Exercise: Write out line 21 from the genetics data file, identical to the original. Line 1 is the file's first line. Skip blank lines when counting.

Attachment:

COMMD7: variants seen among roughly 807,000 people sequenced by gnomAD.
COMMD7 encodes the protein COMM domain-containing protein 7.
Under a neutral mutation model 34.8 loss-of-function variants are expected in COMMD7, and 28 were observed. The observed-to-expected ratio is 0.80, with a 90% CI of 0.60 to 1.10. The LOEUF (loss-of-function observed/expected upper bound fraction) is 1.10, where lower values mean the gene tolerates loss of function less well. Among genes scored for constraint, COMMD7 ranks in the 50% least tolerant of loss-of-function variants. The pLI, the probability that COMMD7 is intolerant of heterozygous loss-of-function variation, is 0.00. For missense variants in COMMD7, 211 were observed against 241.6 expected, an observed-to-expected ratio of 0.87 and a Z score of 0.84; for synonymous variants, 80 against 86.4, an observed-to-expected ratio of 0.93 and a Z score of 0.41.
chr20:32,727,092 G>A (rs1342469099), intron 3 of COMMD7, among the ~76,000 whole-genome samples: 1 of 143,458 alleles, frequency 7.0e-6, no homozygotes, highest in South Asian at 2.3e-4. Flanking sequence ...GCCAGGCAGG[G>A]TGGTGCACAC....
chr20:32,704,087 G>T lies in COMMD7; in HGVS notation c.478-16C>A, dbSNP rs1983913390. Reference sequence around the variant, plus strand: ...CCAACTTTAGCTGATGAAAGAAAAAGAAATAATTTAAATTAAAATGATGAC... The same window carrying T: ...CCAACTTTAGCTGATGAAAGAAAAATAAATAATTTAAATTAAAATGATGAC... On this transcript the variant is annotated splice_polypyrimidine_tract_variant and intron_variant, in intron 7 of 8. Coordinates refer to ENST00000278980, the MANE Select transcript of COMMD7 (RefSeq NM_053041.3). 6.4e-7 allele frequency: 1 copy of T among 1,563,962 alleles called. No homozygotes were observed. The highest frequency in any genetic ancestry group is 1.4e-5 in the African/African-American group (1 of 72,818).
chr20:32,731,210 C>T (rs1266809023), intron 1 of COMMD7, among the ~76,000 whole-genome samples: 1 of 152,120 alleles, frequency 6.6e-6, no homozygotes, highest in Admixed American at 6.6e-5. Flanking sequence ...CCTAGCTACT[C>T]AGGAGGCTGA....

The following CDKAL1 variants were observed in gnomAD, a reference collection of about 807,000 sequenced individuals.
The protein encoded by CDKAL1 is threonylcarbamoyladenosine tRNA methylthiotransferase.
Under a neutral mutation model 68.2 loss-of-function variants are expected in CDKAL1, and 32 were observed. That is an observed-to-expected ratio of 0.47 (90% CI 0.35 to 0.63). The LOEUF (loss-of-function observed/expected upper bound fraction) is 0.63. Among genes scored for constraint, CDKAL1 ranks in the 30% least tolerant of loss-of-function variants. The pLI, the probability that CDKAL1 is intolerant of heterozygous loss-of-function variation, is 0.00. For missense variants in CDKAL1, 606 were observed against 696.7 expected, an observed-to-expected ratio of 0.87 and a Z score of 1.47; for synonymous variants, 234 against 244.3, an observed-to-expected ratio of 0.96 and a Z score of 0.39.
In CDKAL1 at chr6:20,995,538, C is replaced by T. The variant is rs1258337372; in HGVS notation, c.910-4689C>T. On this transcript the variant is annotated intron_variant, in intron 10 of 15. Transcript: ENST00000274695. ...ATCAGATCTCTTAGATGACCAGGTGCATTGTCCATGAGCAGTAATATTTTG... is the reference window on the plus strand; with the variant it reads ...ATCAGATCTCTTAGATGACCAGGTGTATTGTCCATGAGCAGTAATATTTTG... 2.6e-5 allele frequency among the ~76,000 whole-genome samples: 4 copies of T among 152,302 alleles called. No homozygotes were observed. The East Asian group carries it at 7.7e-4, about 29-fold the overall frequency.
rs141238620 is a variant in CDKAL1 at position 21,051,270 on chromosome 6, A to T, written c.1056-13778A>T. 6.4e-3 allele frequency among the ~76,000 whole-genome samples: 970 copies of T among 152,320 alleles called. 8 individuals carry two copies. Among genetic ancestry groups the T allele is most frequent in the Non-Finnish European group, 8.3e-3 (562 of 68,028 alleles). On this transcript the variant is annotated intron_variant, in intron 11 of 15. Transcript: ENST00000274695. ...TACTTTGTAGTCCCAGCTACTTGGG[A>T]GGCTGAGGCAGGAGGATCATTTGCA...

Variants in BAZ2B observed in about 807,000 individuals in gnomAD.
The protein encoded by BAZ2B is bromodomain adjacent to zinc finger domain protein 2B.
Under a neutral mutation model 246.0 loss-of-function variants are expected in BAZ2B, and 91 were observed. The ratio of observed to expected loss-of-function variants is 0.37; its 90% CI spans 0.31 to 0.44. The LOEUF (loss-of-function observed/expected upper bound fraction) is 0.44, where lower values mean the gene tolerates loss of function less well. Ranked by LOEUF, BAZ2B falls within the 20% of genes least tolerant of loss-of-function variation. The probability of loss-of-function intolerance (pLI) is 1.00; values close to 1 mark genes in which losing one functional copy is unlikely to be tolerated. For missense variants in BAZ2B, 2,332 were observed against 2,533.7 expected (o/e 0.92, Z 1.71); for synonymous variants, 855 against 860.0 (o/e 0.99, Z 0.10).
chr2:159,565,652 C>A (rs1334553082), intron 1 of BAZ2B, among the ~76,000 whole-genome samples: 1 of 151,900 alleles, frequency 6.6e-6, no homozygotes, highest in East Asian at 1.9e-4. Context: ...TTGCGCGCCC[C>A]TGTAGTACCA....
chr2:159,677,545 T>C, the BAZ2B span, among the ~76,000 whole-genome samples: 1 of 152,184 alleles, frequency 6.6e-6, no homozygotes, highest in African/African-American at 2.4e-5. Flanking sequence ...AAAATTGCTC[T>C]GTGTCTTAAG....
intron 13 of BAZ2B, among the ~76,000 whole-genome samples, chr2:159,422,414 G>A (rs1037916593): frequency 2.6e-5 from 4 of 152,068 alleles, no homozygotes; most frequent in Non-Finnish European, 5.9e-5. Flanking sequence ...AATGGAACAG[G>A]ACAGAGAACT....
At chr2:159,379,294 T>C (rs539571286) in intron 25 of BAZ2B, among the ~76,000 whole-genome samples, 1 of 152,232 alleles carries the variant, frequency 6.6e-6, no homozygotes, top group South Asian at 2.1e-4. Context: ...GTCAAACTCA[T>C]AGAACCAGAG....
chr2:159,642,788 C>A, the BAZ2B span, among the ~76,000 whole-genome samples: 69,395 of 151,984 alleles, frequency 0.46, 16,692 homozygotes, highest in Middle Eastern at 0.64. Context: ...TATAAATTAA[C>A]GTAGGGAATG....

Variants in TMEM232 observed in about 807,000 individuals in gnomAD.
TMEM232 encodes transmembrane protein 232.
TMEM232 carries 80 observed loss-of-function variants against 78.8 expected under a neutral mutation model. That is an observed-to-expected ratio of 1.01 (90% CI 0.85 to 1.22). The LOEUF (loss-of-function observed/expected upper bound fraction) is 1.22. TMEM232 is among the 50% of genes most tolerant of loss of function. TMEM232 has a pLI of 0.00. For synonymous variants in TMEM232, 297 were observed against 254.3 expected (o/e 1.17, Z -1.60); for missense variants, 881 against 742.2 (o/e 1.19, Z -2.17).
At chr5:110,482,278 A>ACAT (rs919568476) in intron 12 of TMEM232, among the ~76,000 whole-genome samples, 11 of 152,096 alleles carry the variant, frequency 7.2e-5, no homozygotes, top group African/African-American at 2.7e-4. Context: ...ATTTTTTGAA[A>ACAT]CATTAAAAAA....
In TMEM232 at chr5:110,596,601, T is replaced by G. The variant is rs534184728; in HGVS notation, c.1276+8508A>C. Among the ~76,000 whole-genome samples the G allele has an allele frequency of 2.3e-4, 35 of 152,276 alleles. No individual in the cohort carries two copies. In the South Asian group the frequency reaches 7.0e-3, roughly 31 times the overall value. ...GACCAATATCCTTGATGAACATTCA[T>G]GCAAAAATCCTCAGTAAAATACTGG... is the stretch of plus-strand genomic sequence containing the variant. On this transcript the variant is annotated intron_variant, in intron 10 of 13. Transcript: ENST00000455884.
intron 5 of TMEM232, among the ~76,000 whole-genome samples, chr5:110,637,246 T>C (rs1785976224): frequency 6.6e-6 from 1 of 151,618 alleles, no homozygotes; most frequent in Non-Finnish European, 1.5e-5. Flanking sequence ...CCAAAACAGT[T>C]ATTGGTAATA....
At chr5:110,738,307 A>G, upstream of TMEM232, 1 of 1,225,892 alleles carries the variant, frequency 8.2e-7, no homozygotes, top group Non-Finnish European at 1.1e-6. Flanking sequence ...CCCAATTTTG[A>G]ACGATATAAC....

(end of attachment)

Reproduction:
TMEM232 encodes transmembrane protein 232.